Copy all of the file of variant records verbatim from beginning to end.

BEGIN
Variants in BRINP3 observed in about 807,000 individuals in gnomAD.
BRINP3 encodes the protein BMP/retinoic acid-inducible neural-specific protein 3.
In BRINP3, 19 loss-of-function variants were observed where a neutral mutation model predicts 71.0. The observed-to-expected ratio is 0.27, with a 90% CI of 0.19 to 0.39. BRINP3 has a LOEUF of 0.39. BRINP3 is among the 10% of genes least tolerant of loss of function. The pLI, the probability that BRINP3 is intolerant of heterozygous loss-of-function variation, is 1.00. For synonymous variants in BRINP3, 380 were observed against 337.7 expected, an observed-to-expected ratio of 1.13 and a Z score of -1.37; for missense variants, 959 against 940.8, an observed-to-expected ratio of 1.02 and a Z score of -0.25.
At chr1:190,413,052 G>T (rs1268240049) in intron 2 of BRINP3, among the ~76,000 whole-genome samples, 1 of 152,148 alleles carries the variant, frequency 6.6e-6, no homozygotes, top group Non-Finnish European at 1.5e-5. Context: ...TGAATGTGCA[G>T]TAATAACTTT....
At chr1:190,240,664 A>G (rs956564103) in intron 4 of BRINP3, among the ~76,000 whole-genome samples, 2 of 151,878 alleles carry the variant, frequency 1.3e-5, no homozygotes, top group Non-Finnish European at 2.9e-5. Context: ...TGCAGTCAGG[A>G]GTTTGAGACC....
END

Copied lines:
Variants in BRINP3 observed in about 807,000 individuals in gnomAD.
BRINP3 encodes the protein BMP/retinoic acid-inducible neural-specific protein 3.
In BRINP3, 19 loss-of-function variants were observed where a neutral mutation model predicts 71.0. The observed-to-expected ratio is 0.27, with a 90% CI of 0.19 to 0.39. BRINP3 has a LOEUF of 0.39. BRINP3 is among the 10% of genes least tolerant of loss of function. The pLI, the probability that BRINP3 is intolerant of heterozygous loss-of-function variation, is 1.00. For synonymous variants in BRINP3, 380 were observed against 337.7 expected, an observed-to-expected ratio of 1.13 and a Z score of -1.37; for missense variants, 959 against 940.8, an observed-to-expected ratio of 1.02 and a Z score of -0.25.
At chr1:190,413,052 G>T (rs1268240049) in intron 2 of BRINP3, among the ~76,000 whole-genome samples, 1 of 152,148 alleles carries the variant, frequency 6.6e-6, no homozygotes, top group Non-Finnish European at 1.5e-5. Context: ...TGAATGTGCA[G>T]TAATAACTTT....
At chr1:190,240,664 A>G (rs956564103) in intron 4 of BRINP3, among the ~76,000 whole-genome samples, 2 of 151,878 alleles carry the variant, frequency 1.3e-5, no homozygotes, top group Non-Finnish European at 2.9e-5. Context: ...TGCAGTCAGG[A>G]GTTTGAGACC....